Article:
Britain's best-loved comic genius, Stephen Fry, turns his celebrated wit and insight to unearthing the real America as he travels across the continent in his chariot of Englishness, a black London cab.
Stephen Fry has always loved America. In fact, he came very close to being born here. His fascination for the country and its people sees him embarking on an epic journey across America, visiting each of its fifty states to discover how such a huge diversity of people, cultures, languages, and beliefs creates such a remarkable nation. Stephen starts his journey on the East Coast and zigzags across America, stopping in every state from Maine to Hawaii, talking to each state's hospitable citizens, listening to music, visiting landmarks, viewing small-town life and America's breathtaking landscapes, following wherever his curiosity leads him.
En route he discovers the South Side of Chicago with blues legend Buddy Guy, catches up with Morgan Freeman in Mississippi, strides around with Ted Turner on his Montana ranch, marches with Zulus in Mardi Gras in New Orleans, drums with the Sioux Nation in South Dakota, joins a Georgia family for Thanksgiving, "picks" with bluegrass hillbillies, and finds himself in a Tennessee garden full of dead bodies.
Whether in a club for failed gangsters in Brooklyn, New York (yes, those are real bullet holes), or celebrating Halloween in Salem, Massachusetts (is there anywhere better?), Stephen is welcomed by the people of America—mayors, sheriffs, newspaper editors, park rangers, teachers, and hoboes, bringing to life the oddities and splendors of each locale. A celebration of the magnificent and the eccentric, the beautiful and the strange, Stephen Fry in America is the author's homage to this extraordinary country.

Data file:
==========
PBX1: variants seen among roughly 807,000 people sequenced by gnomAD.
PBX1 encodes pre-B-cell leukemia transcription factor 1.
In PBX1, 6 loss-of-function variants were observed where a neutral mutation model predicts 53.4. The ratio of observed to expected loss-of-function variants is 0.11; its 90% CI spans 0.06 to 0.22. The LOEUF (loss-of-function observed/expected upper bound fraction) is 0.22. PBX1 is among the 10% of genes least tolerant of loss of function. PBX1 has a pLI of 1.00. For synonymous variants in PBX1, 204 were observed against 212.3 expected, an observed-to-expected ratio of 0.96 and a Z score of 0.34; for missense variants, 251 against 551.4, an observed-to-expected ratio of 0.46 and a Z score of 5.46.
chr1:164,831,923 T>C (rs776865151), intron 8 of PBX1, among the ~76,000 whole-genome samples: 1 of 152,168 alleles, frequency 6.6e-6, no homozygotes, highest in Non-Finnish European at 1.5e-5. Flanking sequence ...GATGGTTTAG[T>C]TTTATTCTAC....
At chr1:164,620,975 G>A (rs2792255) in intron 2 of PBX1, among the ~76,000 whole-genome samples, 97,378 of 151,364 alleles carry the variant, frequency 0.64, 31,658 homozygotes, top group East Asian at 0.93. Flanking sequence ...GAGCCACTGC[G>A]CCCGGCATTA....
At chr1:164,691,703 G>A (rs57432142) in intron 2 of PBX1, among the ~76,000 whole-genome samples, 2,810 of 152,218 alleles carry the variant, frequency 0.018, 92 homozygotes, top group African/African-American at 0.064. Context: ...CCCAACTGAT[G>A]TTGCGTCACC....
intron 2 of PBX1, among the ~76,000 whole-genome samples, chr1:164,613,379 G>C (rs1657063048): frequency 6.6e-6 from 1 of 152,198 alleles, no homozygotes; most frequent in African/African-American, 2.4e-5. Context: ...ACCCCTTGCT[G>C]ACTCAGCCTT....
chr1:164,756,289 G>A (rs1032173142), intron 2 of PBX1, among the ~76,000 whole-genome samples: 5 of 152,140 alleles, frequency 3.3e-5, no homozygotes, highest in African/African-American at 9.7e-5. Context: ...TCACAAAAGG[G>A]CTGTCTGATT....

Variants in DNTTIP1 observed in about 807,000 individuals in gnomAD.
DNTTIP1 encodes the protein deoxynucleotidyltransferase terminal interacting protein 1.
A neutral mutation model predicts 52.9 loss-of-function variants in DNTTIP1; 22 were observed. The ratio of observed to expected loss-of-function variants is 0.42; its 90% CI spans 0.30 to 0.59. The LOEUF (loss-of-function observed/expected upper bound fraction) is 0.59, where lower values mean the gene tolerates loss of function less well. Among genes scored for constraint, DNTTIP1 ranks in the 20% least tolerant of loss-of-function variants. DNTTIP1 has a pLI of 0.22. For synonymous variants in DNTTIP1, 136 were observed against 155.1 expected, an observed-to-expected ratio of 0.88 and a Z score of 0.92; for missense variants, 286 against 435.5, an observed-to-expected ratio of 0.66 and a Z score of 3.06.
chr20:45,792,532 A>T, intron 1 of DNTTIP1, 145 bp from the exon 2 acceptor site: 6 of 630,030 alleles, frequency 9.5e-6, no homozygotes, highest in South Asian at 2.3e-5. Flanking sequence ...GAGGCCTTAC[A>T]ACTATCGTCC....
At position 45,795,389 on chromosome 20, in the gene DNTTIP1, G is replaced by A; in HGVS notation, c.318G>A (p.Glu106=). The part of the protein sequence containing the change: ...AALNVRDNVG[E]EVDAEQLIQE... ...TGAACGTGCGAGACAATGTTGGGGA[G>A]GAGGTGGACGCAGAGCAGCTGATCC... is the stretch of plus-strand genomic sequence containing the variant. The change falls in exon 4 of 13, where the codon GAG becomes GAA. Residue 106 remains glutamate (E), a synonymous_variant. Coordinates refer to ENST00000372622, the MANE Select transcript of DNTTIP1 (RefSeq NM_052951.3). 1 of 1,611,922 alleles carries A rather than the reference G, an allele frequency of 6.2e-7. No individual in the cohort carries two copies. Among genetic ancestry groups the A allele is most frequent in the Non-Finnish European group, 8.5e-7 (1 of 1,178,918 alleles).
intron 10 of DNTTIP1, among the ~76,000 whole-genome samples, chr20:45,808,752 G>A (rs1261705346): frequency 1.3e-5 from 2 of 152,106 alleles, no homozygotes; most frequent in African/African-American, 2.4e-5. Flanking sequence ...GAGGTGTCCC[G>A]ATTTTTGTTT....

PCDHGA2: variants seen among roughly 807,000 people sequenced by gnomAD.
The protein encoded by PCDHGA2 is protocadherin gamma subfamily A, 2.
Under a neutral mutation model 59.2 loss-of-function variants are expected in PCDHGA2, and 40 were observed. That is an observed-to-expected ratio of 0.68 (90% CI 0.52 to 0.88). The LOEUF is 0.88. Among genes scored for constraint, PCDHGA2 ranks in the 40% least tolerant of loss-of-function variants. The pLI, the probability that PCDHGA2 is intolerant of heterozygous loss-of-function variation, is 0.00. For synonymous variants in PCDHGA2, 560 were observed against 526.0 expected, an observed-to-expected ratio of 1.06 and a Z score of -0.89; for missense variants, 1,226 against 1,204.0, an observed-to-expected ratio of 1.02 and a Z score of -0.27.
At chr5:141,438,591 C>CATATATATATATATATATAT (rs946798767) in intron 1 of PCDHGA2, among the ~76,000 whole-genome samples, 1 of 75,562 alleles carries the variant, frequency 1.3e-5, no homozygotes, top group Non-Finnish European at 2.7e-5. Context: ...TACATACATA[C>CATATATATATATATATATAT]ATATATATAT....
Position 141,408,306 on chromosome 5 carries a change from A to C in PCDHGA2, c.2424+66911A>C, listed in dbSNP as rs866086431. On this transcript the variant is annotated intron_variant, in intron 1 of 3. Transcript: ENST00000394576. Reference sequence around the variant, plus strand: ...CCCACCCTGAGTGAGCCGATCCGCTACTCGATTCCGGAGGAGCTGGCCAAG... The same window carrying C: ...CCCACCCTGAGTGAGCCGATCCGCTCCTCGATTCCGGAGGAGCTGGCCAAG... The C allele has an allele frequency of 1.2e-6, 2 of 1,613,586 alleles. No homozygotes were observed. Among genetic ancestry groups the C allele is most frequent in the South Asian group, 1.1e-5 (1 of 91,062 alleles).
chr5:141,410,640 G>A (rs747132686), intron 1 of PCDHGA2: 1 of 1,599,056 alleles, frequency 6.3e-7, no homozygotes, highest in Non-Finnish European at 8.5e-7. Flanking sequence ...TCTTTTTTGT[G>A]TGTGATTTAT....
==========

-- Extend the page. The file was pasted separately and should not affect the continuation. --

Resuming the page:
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About the Author
Stephen Fry was born in London in 1957 and educated at Stout's Hill, Uppingham, and Queens' College, Cambridge. At Cambridge he joined the Footlights, where he first met Hugh Laurie. He has numerous television appearances to his credit, most notably, A Bit of Fry and Laurie, Jeeves and Wooster, Blackadder, QI, and House. Major film roles include Peter in Peter's Friends (1990) and Oscar Wilde in Wilde (1997); in the realm of television, his critically acclaimed The Secret Life of a Manic Depressive won an Emmy. He is the author of the best selling novels The Liar, The Hippopotamus, Making History, and Revenge: A Novel, as well as the highly acclaimed autobiography Moab Is My Washpot and, in 2005, a well-received guide to writing poetry, The Ode Less Travelled.